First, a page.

The head of the Syrian Arab Red Crescent, Khaled Hboubati, demanded on Tuesday, February 7, that Western countries, specifically the U.S. and its allies, lift their siege and sanctions on Syria so that rescue and relief work can proceed unimpeded, after the country was devastated by a powerful earthquake on Monday.
“We need heavy equipment, ambulances and fire fighting vehicles to continue to rescue and remove the rubble, and this entails lifting sanctions on Syria as soon as possible,” Hboubati said at a press conference on Tuesday, as reported by the Syrian Arab News Agency (SANA).
A powerful earthquake registering a magnitude of 7.8 struck Turkey and Syria on Monday. Over 5,000 people have been reported dead so far. In Syria alone the death toll was 1,602 on Monday. These numbers are only expected to rise as a large number of people are suspected to be still buried under the debris of houses that collapsed in the earthquake and its aftershocks.
Kahramanmaraş, a city in Turkey, was reported to be the epicenter of the earthquake, and the nearby city of Gaziantep—home to millions of Syrian refugees—was reportedly hit the hardest. Relief and rescue operations in Turkey have been affected by bad weather as several of the affected areas have received heavy rain and snowfall on Monday and Tuesday.
Syria’s northern provinces such as Idlib, Latakia, Hama, and Aleppo have also been badly affected by the earthquake. Some of the affected areas in Idlib and Aleppo are under rebel control and densely populated by refugees from other parts of the country.
Though several countries including the U.S. and its allies have extended their support to Turkey in its relief and rescue work, they have refused to extend similar assistance to Syria. The U.S. State Department made it clear on Monday that it was only willing to support some work carried out in Syria by NGOs, but that it would have no dealings with the Bashar al-Assad government. “It would be quite ironic—if not even counterproductive—for us to reach out to a government that has brutalized its people over the course of a dozen years now,” State Department spokesperson Ned Price said, as quoted by Al Jazeera.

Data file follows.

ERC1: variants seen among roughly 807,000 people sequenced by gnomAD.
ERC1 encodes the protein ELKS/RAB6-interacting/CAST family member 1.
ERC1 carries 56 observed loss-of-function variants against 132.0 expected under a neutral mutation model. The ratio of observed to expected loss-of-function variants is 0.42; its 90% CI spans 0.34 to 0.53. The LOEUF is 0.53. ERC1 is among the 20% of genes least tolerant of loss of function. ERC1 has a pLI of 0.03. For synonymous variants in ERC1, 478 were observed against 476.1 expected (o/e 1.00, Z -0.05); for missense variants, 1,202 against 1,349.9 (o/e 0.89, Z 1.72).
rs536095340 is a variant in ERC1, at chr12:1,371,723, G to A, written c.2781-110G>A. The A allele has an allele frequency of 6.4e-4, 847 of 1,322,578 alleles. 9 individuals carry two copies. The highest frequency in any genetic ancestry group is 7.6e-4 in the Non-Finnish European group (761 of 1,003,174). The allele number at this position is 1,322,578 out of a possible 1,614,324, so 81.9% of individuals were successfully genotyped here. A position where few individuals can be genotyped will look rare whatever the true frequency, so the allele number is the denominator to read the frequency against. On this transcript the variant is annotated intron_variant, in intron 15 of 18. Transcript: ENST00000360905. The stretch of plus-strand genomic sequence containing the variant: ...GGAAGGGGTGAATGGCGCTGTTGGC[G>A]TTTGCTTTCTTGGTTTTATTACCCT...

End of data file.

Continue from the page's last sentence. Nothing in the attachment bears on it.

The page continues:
On Monday, the Syrian government had issued an appeal to the international community asking for help. Syrian Foreign Minister Faisal Mekdad is quoted in Al-Mayadeen as having said that his government was willing “to provide all the required facilities to international organizations so they can give Syrians humanitarian aid.”
Sanctions hamper relief and rescue work
Claiming that “Current U.S. sanctions severely restrict aid assistance to millions of Syrians,” the American Arab anti-Discrimination Committee (ADC) asked the U.S. government on Monday to lift its sanctions. While it said that the NGOs working on the ground were doing a commendable job, it also said that the “lifting of the sanctions will open the doors for additional and supplemental aid that will provide immediate relief to those in need.”
The U.S. Congress had adopted the so-called Caesar Act in 2020, according to which any group or company doing business with the Syrian government faces sanctions. The act extends the scope of the previously existing sanctions on Syria, imposed by the U.S. and its European allies since the beginning of the war in the country in 2011.
The impact of sanctions on Syria’s health and other social sectors and its overall economic recovery have been criticized by the UN on several occasions in the past. The UN has also demanded that all unilateral punitive measures against Syria be lifted.
Meanwhile, countries such as China, Iran, Russia, Cuba, Algeria, and the UAE, among others, have expressed their willingness to provide necessary support to Syria, and have sent relief materials already.
Al-Mayadeen has however reported that the delivery of international aid, as well as the speed of relief and rescue work in Syria, continue to be impeded as the Damascus international airport is not fully operational at the moment. The airport was hit by an Israeli missile on January 2 and repair work is not yet complete.